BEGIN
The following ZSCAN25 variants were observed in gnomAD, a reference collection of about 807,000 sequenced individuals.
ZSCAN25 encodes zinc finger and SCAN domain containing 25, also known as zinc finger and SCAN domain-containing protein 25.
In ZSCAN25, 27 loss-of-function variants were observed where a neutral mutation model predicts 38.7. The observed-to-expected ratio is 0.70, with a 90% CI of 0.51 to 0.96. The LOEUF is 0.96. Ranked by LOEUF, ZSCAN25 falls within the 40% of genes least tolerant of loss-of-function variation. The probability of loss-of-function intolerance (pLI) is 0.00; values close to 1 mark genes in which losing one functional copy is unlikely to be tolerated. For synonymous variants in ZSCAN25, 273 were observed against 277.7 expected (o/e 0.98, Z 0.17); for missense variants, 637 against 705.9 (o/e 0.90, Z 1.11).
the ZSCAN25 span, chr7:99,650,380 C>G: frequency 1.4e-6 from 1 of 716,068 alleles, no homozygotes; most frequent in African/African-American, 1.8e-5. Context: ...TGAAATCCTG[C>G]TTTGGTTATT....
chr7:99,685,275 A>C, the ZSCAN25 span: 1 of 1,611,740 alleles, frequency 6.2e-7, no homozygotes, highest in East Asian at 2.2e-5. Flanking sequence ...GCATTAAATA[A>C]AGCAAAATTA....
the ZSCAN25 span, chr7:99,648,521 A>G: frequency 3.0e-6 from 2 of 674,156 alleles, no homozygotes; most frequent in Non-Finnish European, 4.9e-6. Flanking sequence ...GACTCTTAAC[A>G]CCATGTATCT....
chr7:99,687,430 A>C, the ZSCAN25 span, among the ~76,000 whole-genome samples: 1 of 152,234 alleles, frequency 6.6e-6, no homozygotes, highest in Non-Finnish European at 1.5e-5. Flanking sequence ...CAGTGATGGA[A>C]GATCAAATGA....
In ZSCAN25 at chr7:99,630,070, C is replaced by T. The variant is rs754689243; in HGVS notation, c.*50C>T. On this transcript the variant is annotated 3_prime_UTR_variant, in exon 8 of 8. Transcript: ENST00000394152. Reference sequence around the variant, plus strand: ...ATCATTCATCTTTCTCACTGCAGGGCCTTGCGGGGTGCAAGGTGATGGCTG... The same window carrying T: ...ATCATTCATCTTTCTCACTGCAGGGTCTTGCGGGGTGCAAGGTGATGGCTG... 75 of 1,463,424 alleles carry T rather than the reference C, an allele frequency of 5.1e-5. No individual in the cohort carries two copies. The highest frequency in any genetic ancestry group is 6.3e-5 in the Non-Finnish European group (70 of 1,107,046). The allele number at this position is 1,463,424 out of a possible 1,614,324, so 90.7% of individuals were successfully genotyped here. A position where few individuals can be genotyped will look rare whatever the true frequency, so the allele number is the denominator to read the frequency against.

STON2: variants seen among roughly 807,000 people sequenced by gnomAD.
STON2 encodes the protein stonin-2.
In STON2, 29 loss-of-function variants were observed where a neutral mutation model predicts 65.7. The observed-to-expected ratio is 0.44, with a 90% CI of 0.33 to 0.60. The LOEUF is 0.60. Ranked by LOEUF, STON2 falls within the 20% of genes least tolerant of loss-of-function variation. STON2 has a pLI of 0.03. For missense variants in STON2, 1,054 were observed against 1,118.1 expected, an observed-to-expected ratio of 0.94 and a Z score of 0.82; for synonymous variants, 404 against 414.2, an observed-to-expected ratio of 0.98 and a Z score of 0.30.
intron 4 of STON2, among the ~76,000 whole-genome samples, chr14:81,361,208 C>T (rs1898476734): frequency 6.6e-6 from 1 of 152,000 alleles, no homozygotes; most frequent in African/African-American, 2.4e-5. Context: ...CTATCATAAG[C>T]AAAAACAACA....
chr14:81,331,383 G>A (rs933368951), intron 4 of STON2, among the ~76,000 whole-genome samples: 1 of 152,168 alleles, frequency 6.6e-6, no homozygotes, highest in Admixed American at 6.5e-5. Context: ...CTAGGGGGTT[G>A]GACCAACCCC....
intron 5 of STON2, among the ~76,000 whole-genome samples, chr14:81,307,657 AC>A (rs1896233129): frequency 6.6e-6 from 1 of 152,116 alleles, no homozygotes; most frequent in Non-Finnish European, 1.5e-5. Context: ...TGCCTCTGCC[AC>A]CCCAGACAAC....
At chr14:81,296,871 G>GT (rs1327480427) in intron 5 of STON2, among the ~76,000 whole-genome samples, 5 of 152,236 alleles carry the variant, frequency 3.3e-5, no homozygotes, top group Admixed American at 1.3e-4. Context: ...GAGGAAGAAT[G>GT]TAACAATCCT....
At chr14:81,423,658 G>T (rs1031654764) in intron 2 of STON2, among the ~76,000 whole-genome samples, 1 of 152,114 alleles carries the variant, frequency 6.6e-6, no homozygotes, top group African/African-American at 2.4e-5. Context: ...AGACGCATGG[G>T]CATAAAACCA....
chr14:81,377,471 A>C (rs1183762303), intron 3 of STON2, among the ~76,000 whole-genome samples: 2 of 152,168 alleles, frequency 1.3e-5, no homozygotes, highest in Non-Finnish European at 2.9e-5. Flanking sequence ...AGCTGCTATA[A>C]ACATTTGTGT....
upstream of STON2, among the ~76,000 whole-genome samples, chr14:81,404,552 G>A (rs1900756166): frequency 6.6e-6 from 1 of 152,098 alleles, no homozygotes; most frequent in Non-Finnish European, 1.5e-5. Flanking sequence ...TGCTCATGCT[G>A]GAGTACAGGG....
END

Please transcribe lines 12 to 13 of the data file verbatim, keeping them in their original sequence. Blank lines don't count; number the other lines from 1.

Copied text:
intron 4 of STON2, among the ~76,000 whole-genome samples, chr14:81,361,208 C>T (rs1898476734): frequency 6.6e-6 from 1 of 152,000 alleles, no homozygotes; most frequent in African/African-American, 2.4e-5. Context: ...CTATCATAAG[C>T]AAAAACAACA....
chr14:81,331,383 G>A (rs933368951), intron 4 of STON2, among the ~76,000 whole-genome samples: 1 of 152,168 alleles, frequency 6.6e-6, no homozygotes, highest in Admixed American at 6.5e-5. Context: ...CTAGGGGGTT[G>A]GACCAACCCC....